More info on my own question.
If you face south and look at a point in the sky on the equator, the celestial coordinate system is defined as north “up” (0 degrees); south “down” (180 degrees); east “left” (90 degrees) and west “right” (270 degrees). This is 0 to 360 degrees moving in a counter clockwise direction. A magnetic compass is 0 to 360 degrees moving in a clockwise direction.
Looking at the plate solve info from PinPoint:
WCS: Roll = 88.01 HScale = -0.549 VScale = -0.549
PA = 271.990°
PinPoint (and Astrometry.net) are reporting the orientation of the frame as rotated 272 degrees from north. The World Coordinate System is reporting the frame is rotated 88 degrees from north. PlateSolve2 also reports the frame as rotated 88 degrees. So we have a mix of position angles being reported as CCW from north or CW from north without an indication of which it is. At this point one assumes there is a standard.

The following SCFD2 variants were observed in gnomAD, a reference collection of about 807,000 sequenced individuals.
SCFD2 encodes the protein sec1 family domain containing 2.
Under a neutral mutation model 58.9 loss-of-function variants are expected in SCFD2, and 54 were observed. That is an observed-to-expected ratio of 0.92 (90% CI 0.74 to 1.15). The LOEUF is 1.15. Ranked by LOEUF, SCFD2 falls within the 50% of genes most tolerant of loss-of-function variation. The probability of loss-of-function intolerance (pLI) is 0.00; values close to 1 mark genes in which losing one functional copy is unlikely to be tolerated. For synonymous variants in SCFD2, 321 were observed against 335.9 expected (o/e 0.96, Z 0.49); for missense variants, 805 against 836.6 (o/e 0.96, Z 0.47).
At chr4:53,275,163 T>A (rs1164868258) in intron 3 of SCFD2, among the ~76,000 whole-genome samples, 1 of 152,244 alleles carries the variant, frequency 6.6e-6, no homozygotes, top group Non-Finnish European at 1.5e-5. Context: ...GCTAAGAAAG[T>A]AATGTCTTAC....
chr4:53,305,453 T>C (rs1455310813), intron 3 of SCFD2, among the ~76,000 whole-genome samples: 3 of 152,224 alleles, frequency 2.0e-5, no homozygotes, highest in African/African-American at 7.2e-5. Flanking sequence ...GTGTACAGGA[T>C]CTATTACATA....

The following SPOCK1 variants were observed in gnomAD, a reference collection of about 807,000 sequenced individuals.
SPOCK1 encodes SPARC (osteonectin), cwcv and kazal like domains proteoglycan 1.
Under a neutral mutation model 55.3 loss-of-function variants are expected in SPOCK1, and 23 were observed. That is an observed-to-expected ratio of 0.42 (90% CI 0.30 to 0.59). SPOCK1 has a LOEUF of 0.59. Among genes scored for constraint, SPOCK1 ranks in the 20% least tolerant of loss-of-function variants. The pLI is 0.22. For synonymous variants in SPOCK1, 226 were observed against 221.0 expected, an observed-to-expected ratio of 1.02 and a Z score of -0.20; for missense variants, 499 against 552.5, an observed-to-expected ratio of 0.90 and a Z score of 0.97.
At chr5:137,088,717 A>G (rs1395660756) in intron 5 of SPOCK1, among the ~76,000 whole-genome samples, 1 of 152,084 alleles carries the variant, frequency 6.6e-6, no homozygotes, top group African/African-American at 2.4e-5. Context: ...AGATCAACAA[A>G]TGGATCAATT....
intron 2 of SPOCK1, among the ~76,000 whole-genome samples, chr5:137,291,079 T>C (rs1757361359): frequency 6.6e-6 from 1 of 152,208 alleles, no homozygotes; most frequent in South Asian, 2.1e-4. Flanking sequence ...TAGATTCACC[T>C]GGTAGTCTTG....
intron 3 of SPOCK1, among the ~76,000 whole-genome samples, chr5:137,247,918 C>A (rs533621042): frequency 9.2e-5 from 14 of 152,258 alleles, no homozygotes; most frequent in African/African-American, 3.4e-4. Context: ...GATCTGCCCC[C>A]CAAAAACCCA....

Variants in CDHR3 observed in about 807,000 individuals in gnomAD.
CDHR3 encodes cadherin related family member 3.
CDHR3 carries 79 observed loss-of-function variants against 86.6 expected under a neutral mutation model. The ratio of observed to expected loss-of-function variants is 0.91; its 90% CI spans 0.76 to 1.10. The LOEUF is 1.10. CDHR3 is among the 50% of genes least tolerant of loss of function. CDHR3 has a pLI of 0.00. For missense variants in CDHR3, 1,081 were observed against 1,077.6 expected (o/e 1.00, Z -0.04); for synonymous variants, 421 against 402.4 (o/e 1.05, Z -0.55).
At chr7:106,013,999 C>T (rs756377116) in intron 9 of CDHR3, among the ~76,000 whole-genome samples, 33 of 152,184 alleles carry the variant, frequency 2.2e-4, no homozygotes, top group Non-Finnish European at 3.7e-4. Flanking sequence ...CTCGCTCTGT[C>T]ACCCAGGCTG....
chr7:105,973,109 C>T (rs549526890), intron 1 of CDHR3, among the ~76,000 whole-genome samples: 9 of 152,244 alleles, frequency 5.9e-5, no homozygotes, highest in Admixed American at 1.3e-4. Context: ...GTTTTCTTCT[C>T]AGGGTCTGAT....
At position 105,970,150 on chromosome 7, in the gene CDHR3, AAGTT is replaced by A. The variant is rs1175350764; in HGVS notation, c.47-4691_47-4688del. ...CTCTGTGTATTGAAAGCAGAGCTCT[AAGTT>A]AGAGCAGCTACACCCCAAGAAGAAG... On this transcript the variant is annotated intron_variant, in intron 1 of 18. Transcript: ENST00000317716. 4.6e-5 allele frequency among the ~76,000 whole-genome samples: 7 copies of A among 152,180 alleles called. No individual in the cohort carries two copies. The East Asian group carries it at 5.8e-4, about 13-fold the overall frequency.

While 88 degrees CW is the “same” position as 272 CCW, the 272 degree rotation is up-side-down compared to the 88 degree rotation. Perhaps this is the intent – since APOs, SCTs and similar OTAs invert the image, reporting a frame as rotated by 272 degrees makes it match the non inverted image as would be shown by a product like TheSky6 and other planetarium packages.
The bottom line is that mixing PinPoint / Astrometry.net with PlateSolve2 / WCS will produce conflicting results unless SGP understands that and reports PlateSolve2 position angles converted to conform with PinPoint and Astrometry.net.
The other question is what goes into the FITS header? I would have thought it would be the WCS value but it looks like my SGP images are getting the PinPoint value.